Three application cases are provided to further show the applications of the reconstruction method. The wheelbase of a car model, the distance between two holes on the circuit board and the diameter of a coin are chosen as the objects to be measured. Every measured value is tested by the reconstruction method twenty times. The benchmarks of the tests are determined by the measurement outputs of a vernier caliper. The benchmark values are 64.00 mm, 41.07 mm and 19.08 mm, respectively. The measurement results are shown in Fig. 8. Four kinds of the reconstruction errors are considered in the three cases. The means of the reconstruction errors, CFS without respect to the lens distortion, are 1.10 mm, 0.61 mm and 0.40 mm in the three measurements. Then, the means of the reconstruction errors, CFS with respect to the lens distortion, are 0.95 mm, 0.53 mm and 0.35 mm in the three measurements. Furthermore, the means of the reconstruction errors, NOS without respect to the lens distortion, are 0.84 mm, 0.45 mm and 0.27 mm in the three measurements. However, the means of the reconstruction errors, NOS with respect to the lens distortion, are 0.68 mm, 0.40 mm and 0.20 mm, respectively. The NOS with respect to the lens distortion demostrates the best performance in the three applications. Its average error is 0.43 mm, which proves that the reconstruction method can be used in some non-contact measurements and inspections.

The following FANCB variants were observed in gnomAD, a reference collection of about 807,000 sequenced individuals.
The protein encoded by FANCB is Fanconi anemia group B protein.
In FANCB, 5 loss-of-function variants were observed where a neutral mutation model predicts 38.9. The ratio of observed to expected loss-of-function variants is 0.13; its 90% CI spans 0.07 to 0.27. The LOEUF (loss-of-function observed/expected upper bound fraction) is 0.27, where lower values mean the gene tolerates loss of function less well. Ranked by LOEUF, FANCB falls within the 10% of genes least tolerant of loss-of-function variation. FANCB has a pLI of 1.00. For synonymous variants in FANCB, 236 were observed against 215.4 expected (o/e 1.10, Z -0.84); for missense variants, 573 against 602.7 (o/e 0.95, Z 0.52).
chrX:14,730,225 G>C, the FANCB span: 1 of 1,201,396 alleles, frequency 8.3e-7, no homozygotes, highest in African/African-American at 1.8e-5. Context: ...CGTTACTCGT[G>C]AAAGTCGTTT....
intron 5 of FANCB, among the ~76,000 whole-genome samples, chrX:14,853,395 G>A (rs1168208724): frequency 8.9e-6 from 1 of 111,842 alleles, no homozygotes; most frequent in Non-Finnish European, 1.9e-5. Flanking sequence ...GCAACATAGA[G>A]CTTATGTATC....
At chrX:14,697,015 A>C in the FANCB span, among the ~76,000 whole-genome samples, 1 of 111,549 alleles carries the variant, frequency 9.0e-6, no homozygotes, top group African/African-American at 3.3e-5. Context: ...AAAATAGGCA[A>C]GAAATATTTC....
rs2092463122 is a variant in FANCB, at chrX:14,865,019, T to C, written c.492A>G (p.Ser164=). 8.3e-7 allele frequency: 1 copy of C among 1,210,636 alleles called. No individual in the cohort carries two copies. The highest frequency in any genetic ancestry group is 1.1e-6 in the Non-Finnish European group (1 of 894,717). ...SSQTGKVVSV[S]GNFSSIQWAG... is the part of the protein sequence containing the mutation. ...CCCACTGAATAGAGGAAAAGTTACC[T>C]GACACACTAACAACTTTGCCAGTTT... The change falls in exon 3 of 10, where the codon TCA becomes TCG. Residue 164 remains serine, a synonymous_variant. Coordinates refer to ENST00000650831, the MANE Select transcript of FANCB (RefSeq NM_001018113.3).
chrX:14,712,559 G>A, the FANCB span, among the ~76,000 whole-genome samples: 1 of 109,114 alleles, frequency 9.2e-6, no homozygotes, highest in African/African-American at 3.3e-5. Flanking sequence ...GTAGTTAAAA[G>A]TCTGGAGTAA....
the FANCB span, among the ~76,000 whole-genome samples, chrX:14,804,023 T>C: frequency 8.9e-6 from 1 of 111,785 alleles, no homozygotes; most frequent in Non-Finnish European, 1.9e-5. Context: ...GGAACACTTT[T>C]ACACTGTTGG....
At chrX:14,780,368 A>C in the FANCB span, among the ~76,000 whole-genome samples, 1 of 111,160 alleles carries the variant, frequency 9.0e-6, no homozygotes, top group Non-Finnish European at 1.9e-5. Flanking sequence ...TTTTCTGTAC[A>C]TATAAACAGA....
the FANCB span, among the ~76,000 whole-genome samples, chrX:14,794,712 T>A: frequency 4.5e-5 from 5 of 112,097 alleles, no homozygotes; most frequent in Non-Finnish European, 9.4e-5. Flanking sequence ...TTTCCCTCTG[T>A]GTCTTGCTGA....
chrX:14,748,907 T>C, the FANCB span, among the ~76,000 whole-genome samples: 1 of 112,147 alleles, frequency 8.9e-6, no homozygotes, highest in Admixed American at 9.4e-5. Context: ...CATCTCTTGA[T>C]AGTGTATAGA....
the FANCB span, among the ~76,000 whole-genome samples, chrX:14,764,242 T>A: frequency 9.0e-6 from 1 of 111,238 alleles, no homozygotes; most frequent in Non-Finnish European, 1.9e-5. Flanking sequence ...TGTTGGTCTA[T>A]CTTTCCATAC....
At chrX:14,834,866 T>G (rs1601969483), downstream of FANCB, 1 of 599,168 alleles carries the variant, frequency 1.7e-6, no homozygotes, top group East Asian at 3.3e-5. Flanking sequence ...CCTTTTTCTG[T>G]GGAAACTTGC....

Figure 8
figure8

Three examples of the applications using the close form solution (CFS) and the nonlinear optimization solution (NOS). The first example is to measure the wheelbase of a car model. The second example is to test the distance between two positioning holes on a circuit board. The third one is to obtain the diameter of a coin. E 1 is the reconstruction error of CFS without respect to the lens distortion. E 2 is the reconstruction error of CFS with respect to the lens distortion. E 3 is the reconstruction error of NOS without respect to the lens distortion. E 4 is the reconstruction error of NOS with respect to the lens distortion. (a) The measurement photo of the first example. (b) The measurement results of the first example. (c) The measurement photo of the second example. (d) The measurement results of the second example. (e) The measurement photo of the third example. (f) The measurement results of the third example.